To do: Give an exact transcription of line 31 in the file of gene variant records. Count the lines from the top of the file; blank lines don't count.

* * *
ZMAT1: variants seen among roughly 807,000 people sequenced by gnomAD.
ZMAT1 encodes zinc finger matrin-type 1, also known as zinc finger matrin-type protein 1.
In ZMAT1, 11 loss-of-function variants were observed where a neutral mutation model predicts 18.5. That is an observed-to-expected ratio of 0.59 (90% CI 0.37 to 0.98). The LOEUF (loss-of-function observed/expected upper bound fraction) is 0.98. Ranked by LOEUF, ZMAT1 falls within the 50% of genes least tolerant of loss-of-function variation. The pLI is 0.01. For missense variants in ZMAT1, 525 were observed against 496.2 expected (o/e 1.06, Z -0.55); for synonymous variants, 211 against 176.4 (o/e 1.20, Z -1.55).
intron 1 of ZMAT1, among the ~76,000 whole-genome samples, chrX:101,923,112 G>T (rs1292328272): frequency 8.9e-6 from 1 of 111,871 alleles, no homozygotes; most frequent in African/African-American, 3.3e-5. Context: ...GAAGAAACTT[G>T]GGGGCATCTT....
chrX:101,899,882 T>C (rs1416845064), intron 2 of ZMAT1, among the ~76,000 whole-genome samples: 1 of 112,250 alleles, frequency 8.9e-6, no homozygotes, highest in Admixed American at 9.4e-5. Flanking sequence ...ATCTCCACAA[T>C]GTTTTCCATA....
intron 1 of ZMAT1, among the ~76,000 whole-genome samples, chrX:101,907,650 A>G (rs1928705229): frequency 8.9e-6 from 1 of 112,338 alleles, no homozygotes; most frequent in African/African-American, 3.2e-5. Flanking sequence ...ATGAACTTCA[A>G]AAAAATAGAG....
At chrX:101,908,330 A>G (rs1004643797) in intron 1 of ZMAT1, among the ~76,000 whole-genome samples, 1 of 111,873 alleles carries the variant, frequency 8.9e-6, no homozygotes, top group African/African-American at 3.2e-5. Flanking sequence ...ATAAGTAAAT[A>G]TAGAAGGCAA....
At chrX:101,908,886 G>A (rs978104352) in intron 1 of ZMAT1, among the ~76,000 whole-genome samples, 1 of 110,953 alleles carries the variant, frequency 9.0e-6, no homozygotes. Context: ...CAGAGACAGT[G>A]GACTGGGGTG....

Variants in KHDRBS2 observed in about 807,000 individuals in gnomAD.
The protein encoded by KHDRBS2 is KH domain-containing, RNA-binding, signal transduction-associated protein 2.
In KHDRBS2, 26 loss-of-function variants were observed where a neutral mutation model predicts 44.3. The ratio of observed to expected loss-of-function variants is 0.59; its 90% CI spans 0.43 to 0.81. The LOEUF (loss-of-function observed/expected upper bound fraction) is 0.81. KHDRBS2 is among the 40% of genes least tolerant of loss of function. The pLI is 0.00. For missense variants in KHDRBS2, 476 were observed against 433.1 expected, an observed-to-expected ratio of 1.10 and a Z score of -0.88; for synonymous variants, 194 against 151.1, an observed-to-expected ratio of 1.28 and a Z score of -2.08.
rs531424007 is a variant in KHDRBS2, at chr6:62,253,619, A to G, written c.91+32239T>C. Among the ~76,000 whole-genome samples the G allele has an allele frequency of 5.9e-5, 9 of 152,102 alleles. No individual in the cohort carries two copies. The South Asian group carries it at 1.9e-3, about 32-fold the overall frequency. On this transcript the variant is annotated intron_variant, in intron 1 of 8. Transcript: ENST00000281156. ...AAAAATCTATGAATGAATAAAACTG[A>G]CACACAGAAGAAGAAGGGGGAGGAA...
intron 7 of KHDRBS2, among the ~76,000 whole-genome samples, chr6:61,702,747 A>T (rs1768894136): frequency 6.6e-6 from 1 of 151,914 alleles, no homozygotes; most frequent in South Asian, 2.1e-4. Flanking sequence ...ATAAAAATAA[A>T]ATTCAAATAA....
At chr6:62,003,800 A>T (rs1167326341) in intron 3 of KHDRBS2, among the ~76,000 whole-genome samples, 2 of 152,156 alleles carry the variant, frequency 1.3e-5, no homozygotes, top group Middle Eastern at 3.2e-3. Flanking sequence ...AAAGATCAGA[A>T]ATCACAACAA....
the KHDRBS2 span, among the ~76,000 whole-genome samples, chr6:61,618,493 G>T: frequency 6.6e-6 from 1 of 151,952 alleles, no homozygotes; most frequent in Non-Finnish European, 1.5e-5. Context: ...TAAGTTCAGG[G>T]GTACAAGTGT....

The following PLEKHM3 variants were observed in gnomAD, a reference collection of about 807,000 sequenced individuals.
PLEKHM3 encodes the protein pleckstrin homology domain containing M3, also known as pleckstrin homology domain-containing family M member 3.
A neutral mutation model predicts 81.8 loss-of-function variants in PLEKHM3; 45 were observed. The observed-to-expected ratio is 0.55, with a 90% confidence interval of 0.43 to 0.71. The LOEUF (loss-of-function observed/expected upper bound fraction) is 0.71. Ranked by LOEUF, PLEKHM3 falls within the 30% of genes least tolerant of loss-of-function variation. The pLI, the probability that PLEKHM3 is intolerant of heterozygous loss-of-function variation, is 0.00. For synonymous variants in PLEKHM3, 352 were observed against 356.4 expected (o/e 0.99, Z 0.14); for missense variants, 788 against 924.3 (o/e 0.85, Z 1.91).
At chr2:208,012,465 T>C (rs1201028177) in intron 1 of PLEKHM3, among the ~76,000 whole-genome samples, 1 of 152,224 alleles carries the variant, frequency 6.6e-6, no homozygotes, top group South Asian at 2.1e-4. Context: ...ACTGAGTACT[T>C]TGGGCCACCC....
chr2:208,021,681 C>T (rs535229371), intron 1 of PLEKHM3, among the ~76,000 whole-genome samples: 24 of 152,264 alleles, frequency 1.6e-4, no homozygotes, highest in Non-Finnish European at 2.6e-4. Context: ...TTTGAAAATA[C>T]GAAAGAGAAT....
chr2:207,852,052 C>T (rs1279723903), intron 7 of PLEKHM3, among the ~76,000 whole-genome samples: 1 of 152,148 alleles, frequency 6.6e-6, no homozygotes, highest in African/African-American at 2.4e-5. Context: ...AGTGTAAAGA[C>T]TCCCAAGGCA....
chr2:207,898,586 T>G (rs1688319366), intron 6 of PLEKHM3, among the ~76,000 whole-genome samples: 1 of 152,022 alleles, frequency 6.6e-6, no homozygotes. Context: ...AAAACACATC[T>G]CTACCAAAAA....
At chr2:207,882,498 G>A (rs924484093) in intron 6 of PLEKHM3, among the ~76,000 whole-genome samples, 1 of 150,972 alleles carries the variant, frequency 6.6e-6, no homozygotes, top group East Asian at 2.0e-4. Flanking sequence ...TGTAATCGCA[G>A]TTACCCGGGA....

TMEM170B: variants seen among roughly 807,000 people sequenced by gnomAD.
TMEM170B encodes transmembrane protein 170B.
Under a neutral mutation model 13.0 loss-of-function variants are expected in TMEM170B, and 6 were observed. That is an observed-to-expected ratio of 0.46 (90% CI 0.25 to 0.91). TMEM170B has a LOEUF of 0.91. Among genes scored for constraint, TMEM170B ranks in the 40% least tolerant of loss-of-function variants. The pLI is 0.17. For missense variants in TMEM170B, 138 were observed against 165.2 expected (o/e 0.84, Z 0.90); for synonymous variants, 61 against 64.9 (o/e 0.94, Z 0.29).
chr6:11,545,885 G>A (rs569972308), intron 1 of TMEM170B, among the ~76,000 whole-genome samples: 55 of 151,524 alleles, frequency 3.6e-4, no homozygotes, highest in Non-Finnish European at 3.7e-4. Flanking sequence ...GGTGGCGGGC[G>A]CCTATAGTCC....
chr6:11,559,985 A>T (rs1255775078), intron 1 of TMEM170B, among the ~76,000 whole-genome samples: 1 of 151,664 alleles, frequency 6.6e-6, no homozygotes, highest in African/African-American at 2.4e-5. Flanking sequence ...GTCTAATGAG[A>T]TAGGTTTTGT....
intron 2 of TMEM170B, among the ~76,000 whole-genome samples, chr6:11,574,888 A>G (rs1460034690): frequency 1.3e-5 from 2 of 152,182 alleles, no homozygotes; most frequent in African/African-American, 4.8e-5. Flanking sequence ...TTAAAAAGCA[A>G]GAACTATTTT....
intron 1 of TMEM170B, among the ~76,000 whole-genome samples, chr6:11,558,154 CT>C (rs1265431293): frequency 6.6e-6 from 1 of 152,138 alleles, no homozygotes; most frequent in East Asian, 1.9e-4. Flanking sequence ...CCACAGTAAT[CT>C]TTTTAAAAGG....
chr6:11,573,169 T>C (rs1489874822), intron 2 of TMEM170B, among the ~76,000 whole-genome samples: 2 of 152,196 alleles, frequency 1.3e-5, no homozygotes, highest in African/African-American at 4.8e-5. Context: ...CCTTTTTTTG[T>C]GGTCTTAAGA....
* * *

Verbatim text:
chr6:11,573,169 T>C (rs1489874822), intron 2 of TMEM170B, among the ~76,000 whole-genome samples: 2 of 152,196 alleles, frequency 1.3e-5, no homozygotes, highest in African/African-American at 4.8e-5. Context: ...CCTTTTTTTG[T>C]GGTCTTAAGA....